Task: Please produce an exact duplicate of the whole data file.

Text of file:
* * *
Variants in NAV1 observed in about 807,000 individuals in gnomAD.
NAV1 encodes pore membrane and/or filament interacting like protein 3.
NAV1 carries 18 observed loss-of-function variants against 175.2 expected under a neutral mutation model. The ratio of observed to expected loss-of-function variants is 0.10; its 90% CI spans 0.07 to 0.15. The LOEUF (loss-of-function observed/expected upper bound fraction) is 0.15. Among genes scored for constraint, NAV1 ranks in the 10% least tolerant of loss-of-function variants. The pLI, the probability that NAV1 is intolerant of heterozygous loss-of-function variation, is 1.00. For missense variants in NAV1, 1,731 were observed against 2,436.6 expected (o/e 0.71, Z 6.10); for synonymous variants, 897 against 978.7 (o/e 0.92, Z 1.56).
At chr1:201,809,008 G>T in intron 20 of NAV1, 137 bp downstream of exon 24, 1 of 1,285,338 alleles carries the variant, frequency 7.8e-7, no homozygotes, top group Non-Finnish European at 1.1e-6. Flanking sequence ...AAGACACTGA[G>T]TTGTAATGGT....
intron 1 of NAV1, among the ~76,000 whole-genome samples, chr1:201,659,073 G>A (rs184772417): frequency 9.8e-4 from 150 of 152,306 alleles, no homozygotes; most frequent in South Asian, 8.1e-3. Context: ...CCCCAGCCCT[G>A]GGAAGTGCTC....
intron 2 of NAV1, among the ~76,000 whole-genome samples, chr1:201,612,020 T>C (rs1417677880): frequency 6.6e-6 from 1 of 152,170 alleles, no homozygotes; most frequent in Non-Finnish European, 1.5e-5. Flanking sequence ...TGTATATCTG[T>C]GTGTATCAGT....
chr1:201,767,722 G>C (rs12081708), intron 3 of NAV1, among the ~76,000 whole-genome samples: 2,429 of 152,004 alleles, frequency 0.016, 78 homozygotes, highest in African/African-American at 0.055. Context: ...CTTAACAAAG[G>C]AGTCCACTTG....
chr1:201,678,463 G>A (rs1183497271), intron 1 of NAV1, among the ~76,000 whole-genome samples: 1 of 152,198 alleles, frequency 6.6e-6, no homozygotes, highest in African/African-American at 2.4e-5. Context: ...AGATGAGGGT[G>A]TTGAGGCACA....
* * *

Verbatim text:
Variants in NAV1 observed in about 807,000 individuals in gnomAD.
NAV1 encodes pore membrane and/or filament interacting like protein 3.
NAV1 carries 18 observed loss-of-function variants against 175.2 expected under a neutral mutation model. The ratio of observed to expected loss-of-function variants is 0.10; its 90% CI spans 0.07 to 0.15. The LOEUF (loss-of-function observed/expected upper bound fraction) is 0.15. Among genes scored for constraint, NAV1 ranks in the 10% least tolerant of loss-of-function variants. The pLI, the probability that NAV1 is intolerant of heterozygous loss-of-function variation, is 1.00. For missense variants in NAV1, 1,731 were observed against 2,436.6 expected (o/e 0.71, Z 6.10); for synonymous variants, 897 against 978.7 (o/e 0.92, Z 1.56).
At chr1:201,809,008 G>T in intron 20 of NAV1, 137 bp downstream of exon 24, 1 of 1,285,338 alleles carries the variant, frequency 7.8e-7, no homozygotes, top group Non-Finnish European at 1.1e-6. Flanking sequence ...AAGACACTGA[G>T]TTGTAATGGT....
intron 1 of NAV1, among the ~76,000 whole-genome samples, chr1:201,659,073 G>A (rs184772417): frequency 9.8e-4 from 150 of 152,306 alleles, no homozygotes; most frequent in South Asian, 8.1e-3. Context: ...CCCCAGCCCT[G>A]GGAAGTGCTC....
intron 2 of NAV1, among the ~76,000 whole-genome samples, chr1:201,612,020 T>C (rs1417677880): frequency 6.6e-6 from 1 of 152,170 alleles, no homozygotes; most frequent in Non-Finnish European, 1.5e-5. Flanking sequence ...TGTATATCTG[T>C]GTGTATCAGT....
chr1:201,767,722 G>C (rs12081708), intron 3 of NAV1, among the ~76,000 whole-genome samples: 2,429 of 152,004 alleles, frequency 0.016, 78 homozygotes, highest in African/African-American at 0.055. Context: ...CTTAACAAAG[G>C]AGTCCACTTG....
chr1:201,678,463 G>A (rs1183497271), intron 1 of NAV1, among the ~76,000 whole-genome samples: 1 of 152,198 alleles, frequency 6.6e-6, no homozygotes, highest in African/African-American at 2.4e-5. Context: ...AGATGAGGGT[G>A]TTGAGGCACA....